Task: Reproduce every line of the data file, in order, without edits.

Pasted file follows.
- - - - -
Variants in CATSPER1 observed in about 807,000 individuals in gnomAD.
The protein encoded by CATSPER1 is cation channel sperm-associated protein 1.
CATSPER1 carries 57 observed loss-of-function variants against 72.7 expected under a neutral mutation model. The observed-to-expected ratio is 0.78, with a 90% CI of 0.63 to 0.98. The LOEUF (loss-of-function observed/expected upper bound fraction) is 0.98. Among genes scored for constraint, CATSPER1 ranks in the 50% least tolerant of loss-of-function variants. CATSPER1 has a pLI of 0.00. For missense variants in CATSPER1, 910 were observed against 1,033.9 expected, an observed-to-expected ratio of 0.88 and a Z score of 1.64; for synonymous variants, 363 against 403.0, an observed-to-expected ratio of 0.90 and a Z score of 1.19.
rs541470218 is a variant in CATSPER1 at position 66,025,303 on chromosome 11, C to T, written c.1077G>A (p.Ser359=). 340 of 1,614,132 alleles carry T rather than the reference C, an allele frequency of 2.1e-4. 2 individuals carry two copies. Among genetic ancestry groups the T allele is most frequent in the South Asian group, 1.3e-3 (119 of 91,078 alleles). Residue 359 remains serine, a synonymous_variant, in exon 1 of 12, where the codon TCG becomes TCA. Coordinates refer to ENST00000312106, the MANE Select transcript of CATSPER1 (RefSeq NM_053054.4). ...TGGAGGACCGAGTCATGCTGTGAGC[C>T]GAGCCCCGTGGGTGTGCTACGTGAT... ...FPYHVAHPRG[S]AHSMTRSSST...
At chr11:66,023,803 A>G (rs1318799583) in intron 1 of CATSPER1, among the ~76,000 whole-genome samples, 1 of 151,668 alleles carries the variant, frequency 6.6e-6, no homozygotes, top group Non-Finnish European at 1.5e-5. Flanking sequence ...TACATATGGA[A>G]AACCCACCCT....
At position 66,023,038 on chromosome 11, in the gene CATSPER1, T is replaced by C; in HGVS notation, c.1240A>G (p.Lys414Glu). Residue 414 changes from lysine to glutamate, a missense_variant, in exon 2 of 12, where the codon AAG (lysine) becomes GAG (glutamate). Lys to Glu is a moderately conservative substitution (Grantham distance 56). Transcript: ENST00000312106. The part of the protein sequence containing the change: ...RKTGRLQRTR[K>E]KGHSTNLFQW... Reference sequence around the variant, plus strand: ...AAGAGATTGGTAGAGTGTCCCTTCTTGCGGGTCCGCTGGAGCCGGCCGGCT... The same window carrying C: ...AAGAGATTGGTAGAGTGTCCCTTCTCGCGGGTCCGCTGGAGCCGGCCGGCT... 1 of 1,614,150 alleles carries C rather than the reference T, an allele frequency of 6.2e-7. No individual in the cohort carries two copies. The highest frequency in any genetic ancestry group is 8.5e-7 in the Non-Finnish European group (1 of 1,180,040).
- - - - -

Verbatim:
Variants in CATSPER1 observed in about 807,000 individuals in gnomAD.
The protein encoded by CATSPER1 is cation channel sperm-associated protein 1.
CATSPER1 carries 57 observed loss-of-function variants against 72.7 expected under a neutral mutation model. The observed-to-expected ratio is 0.78, with a 90% CI of 0.63 to 0.98. The LOEUF (loss-of-function observed/expected upper bound fraction) is 0.98. Among genes scored for constraint, CATSPER1 ranks in the 50% least tolerant of loss-of-function variants. CATSPER1 has a pLI of 0.00. For missense variants in CATSPER1, 910 were observed against 1,033.9 expected, an observed-to-expected ratio of 0.88 and a Z score of 1.64; for synonymous variants, 363 against 403.0, an observed-to-expected ratio of 0.90 and a Z score of 1.19.
rs541470218 is a variant in CATSPER1 at position 66,025,303 on chromosome 11, C to T, written c.1077G>A (p.Ser359=). 340 of 1,614,132 alleles carry T rather than the reference C, an allele frequency of 2.1e-4. 2 individuals carry two copies. Among genetic ancestry groups the T allele is most frequent in the South Asian group, 1.3e-3 (119 of 91,078 alleles). Residue 359 remains serine, a synonymous_variant, in exon 1 of 12, where the codon TCG becomes TCA. Coordinates refer to ENST00000312106, the MANE Select transcript of CATSPER1 (RefSeq NM_053054.4). ...TGGAGGACCGAGTCATGCTGTGAGC[C>T]GAGCCCCGTGGGTGTGCTACGTGAT... ...FPYHVAHPRG[S]AHSMTRSSST...
At chr11:66,023,803 A>G (rs1318799583) in intron 1 of CATSPER1, among the ~76,000 whole-genome samples, 1 of 151,668 alleles carries the variant, frequency 6.6e-6, no homozygotes, top group Non-Finnish European at 1.5e-5. Flanking sequence ...TACATATGGA[A>G]AACCCACCCT....
At position 66,023,038 on chromosome 11, in the gene CATSPER1, T is replaced by C; in HGVS notation, c.1240A>G (p.Lys414Glu). Residue 414 changes from lysine to glutamate, a missense_variant, in exon 2 of 12, where the codon AAG (lysine) becomes GAG (glutamate). Lys to Glu is a moderately conservative substitution (Grantham distance 56). Transcript: ENST00000312106. The part of the protein sequence containing the change: ...RKTGRLQRTR[K>E]KGHSTNLFQW... Reference sequence around the variant, plus strand: ...AAGAGATTGGTAGAGTGTCCCTTCTTGCGGGTCCGCTGGAGCCGGCCGGCT... The same window carrying C: ...AAGAGATTGGTAGAGTGTCCCTTCTCGCGGGTCCGCTGGAGCCGGCCGGCT... 1 of 1,614,150 alleles carries C rather than the reference T, an allele frequency of 6.2e-7. No individual in the cohort carries two copies. The highest frequency in any genetic ancestry group is 8.5e-7 in the Non-Finnish European group (1 of 1,180,040).